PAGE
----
Helpful Tips Victoria Barker 30/07/2020

Common Covid-19 financial scams to be aware of

The ten most common scams relating to coronavirus have been revealed by trade body UK Finance, including one scam involving fake 'official looking' emails purporting to offer council tax reductions.

The trade body has published the list of commonly reported scams, to coincide with the launch of a new animation video urging people to follow the advice of the Take Five to Stop Fraud campaign and be vigilant.

Financial scams

According to UK Finance, members of the public should be vigilant for the following four financial scams:

1. Criminals have sent fake government emails designed to look like they are from government departments offering grants of up to £7,500. The emails contain links which steal personal and financial information from victims.

2. Fraudsters have also been sending scam emails which offer access to ‘Covid-19 relief funds’ encouraging victims to fill in a form with their personal information.

3. Criminals have been targeting people with official-looking emails offering a ‘council tax reduction’. These emails, which use government branding, contain links which lead to a fake government website which is used to access personal and financial information.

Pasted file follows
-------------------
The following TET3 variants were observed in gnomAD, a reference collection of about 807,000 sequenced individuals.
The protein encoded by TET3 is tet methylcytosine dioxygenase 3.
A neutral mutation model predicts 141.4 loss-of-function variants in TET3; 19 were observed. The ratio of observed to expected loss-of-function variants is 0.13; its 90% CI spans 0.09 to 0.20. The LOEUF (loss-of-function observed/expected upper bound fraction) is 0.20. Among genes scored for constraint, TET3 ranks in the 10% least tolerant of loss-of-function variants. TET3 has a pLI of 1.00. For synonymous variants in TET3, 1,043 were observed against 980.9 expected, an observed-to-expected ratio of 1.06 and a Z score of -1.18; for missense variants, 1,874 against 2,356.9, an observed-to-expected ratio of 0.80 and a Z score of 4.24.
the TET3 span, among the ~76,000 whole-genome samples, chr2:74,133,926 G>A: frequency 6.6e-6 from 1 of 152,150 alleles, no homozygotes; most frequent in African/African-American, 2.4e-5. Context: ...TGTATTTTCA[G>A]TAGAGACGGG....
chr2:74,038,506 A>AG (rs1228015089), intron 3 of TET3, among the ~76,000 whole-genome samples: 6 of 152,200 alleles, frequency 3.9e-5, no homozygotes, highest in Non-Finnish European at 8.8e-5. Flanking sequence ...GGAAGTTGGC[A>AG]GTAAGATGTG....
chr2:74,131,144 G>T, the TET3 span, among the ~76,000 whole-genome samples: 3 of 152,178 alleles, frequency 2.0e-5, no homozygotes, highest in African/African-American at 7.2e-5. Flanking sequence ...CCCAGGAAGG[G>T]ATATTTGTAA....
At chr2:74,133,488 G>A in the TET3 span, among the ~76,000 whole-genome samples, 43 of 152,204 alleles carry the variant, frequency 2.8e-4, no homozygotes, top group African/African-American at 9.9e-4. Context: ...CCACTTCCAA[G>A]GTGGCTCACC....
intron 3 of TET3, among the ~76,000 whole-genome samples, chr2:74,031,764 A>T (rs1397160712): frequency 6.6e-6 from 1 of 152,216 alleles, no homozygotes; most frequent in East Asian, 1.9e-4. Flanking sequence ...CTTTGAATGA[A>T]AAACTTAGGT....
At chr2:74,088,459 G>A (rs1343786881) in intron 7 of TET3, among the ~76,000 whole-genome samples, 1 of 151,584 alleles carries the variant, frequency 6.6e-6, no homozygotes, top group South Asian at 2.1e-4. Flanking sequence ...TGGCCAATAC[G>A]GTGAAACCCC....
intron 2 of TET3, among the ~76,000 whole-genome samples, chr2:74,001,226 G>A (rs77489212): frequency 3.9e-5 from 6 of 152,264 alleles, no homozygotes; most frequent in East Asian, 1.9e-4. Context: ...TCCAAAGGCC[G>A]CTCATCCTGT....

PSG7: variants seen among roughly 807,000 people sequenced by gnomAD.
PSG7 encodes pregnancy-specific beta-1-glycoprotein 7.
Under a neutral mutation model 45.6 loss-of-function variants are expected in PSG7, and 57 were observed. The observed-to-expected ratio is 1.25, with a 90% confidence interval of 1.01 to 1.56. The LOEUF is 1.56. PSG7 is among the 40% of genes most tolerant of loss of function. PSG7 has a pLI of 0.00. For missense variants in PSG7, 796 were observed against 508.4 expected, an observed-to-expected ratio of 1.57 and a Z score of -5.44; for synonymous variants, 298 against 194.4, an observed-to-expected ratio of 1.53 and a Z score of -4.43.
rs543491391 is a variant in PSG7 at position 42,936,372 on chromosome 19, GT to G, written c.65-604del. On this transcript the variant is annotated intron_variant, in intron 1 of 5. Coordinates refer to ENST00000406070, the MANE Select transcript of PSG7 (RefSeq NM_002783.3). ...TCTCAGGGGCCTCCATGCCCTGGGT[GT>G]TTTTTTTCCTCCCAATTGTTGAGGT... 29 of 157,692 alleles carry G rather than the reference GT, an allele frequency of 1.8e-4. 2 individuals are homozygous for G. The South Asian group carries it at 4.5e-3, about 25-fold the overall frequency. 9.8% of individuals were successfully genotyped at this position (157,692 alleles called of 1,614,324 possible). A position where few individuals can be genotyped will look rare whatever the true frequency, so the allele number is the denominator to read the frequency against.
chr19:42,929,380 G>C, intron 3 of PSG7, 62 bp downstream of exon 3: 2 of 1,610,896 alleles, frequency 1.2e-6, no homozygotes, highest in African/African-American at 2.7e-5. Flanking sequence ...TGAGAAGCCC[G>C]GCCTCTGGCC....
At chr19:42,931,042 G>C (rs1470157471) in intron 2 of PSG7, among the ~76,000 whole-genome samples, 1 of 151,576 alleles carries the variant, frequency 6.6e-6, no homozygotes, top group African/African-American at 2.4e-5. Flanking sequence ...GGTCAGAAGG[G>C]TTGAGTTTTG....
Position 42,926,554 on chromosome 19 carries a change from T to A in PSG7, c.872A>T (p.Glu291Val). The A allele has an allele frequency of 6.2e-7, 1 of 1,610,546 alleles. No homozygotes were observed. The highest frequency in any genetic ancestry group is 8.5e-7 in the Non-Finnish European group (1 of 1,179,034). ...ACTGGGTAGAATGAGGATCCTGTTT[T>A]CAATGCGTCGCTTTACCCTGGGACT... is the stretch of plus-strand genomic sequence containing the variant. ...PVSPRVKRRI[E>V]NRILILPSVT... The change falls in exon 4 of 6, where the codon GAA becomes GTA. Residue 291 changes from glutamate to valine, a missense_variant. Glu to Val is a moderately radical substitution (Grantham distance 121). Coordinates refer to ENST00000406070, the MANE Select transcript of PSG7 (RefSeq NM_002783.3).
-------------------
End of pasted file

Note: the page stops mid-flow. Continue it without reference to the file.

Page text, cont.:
4. Fraudsters are also preying on benefit recipients, offering to help apply for Universal Credit, while taking some of the payment as an advance for their “services”.

In addition to these financial scams, there are other scams involving TV licensing and fraudsters posing as representatives from the NHS Test and Trace service. 

Spotting the signs

Have your suspicions something may be a scam but you can't be sure? Common signs that something may be a scam include:

  • The website address is inconsistent with that of the legitimate organisation
  • The phone call, text or emails asks for financial information such as PIN, passwords
  • You receive a call or email out of the blue with an urgent request for your personal or financial information, or to make an immediate payment
  • You’re offered a heavily discounted or considerably cheaper product compared to the original price
  • There are spelling and grammar mistakes, or inconsistencies in the story you’re given

Much more advice on spotting and avoiding scams can be read online here.

  • If you believe you’ve fallen for a scam, the advice is to contact your business’ bank immediately on a number you know to be correct, such as the one listed on your statement, their website or on the back of your debit or credit card.


Victoria Barker

Victoria Barker Communications Officer

Victoria is the Communications Officer for the NRLA.

She is responsible for producing articles for our news centre, the weekly e-newsletter, and manages and creates content for the association’s social media channels. She also contributes to our members magazine, Property.

See all articles by Victoria Barker